- Paid media. Paid media is ad space you’ve paid for. Your brand pays money in exchange for promotion on a particular channel.
- Owned media. This is any coverage on your brand’s publication channels, such as your website, blog, social media accounts, or newsletter.
- Earned media. Earned media is any publicity or exposure that your company didn’t purchase or publish itself. It can include press coverage, positive online reviews, and social media chatter.
How to set a paid media strategy for your business
- Set a budget
- Identify target audiences and goals
- Choose your distribution channels
- Purchase ad space
- Develop creative and manage your campaigns
- Monitor metrics and adjust strategy
1. Set a budget
Evaluate your available marketing budget and determine how much money you have to spend on your paid media marketing campaigns. Consider the cost of ad space, the time required to vet and communicate with the vendors, and the cost of producing an ad yourself or hiring an ad agency to do it for you.
2. Identify target audiences and goals
Revisit your overall target audiences and marketing goals to set objectives for the campaign. Factor in your available budget, your business priorities, and the benefits paid media offers.
For example, if two of your most pressing marketing goals are increasing customer loyalty and brand awareness, you might opt to buy ad space, as it is an efficient way to reach new audiences and build brand awareness.
Once you’ve identified your objectives, set specific, budget-attainable targets for each one. Don’t be tempted to skip this step if you’re not sure what kind of results you’ll be able to achieve. Setting measurable goals can help you learn from your results, even if you don’t reach them.
3. Choose your distribution channels
Use your target audience information and available media types to select a paid media channel. For example, if your goal is to use an inspiring product video to catch your audience’s attention, you can skip search engine advertising—PPC ads are text only. Social media or display advertising is a better option.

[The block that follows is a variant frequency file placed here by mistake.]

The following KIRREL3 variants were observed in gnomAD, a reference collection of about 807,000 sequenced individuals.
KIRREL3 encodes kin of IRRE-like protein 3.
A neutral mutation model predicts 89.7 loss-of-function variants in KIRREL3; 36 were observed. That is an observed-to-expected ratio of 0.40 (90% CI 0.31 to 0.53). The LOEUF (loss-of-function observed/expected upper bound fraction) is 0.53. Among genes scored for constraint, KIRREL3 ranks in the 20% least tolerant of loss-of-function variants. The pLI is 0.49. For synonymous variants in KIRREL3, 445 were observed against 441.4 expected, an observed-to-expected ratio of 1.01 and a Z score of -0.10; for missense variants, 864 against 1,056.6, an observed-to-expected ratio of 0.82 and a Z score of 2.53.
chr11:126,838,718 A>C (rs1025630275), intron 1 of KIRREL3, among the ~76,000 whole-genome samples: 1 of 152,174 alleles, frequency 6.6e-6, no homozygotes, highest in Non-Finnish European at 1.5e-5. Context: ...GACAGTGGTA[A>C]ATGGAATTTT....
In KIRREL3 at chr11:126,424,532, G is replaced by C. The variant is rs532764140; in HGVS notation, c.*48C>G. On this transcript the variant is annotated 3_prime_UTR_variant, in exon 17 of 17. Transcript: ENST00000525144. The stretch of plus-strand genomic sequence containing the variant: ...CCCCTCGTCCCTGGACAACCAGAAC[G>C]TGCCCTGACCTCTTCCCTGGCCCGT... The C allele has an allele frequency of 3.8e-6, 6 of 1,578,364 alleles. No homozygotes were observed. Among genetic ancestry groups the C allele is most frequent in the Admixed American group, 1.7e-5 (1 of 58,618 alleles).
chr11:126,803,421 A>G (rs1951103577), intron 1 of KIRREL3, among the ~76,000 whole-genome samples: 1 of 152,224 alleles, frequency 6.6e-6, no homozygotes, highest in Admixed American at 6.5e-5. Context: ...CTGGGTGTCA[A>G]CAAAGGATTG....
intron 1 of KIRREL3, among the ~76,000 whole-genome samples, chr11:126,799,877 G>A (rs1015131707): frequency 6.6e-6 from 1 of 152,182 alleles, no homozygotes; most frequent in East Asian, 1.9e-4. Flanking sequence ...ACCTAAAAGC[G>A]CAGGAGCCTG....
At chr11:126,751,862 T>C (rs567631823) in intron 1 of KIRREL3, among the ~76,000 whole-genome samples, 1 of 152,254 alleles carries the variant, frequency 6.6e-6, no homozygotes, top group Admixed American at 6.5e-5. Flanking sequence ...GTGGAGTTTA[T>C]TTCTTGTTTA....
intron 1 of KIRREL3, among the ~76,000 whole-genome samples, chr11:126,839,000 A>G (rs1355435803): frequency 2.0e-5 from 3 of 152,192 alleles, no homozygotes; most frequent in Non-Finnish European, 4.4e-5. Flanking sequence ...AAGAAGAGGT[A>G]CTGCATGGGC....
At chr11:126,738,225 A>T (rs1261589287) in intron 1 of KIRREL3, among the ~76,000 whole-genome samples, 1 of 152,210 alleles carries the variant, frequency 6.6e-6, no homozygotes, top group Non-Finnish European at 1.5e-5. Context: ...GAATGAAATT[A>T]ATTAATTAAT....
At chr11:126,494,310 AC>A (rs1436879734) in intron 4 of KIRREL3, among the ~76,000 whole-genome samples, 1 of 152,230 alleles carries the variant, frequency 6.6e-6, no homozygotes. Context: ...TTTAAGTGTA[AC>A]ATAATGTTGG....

Consider where your audience will be. If your target audience is people over 65 who are visiting Denver, Colorado, you might consider traditional advertising options, like purchasing billboard space on the drive out of the airport.
4. Purchase ad space
The next phase involves actually buying ad space, a multi-step process known as media buying. You’ll develop a list of target vendors, send requests for proposals (RFPs), evaluate responses, and purchase ad space. For social media, you can likely look up the rates and reach yourself, using a business account.
5. Develop creative and manage your campaigns
As soon as you sign a contract, be sure to put ad run dates, due dates, and metric reporting dates on your calendar. Then develop your ads and deliver your creative to the ad vendors. If you are using social media, you may choose to create and upload the ads yourself.
6. Monitor metrics and adjust strategy
Once your ads are running, monitor metrics to gauge performance. If an ad is underperforming, you can compare it to more successful ads in your campaign and look for meaningful differences in content type or distribution method. You can also lean on the ad vendor for help. Ad vendors have extensive experience managing paid media campaigns and may be able to share valuable insights.
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Paid media FAQ
How much should you budget for paid media advertising?
No hard-and-fast rule identifies how much of your marketing budget you should spend on paid media. The average business spends just 1% of its total revenues on advertising, but business-to-consumer (B2C) companies that sell products spend just under 10% of their revenue on marketing on average. Compare the cost of your paid media to its return on investment (ROI) to assess its success and plan additional campaigns. If you’re earning a high ROI on your paid media spend, consider allocating more money to this tactic.
How do you choose the right platform for your paid media campaign?
Your target audiences and media types can help you choose a paid media channel. Choose a platform that’s popular with your campaign’s target audiences, and choose a platform that effectively displays your chosen media type.
How can you ensure that your target audience sees your paid media ad?
Some paid media channels (including social media platforms, search engines, and some display ad placement services) allow businesses to serve ads to specific target audience segments based on customer demographics and behavioral data. Select a distribution channel that is popular with your target audience and ask vendors about additional audience information or advanced targeting options.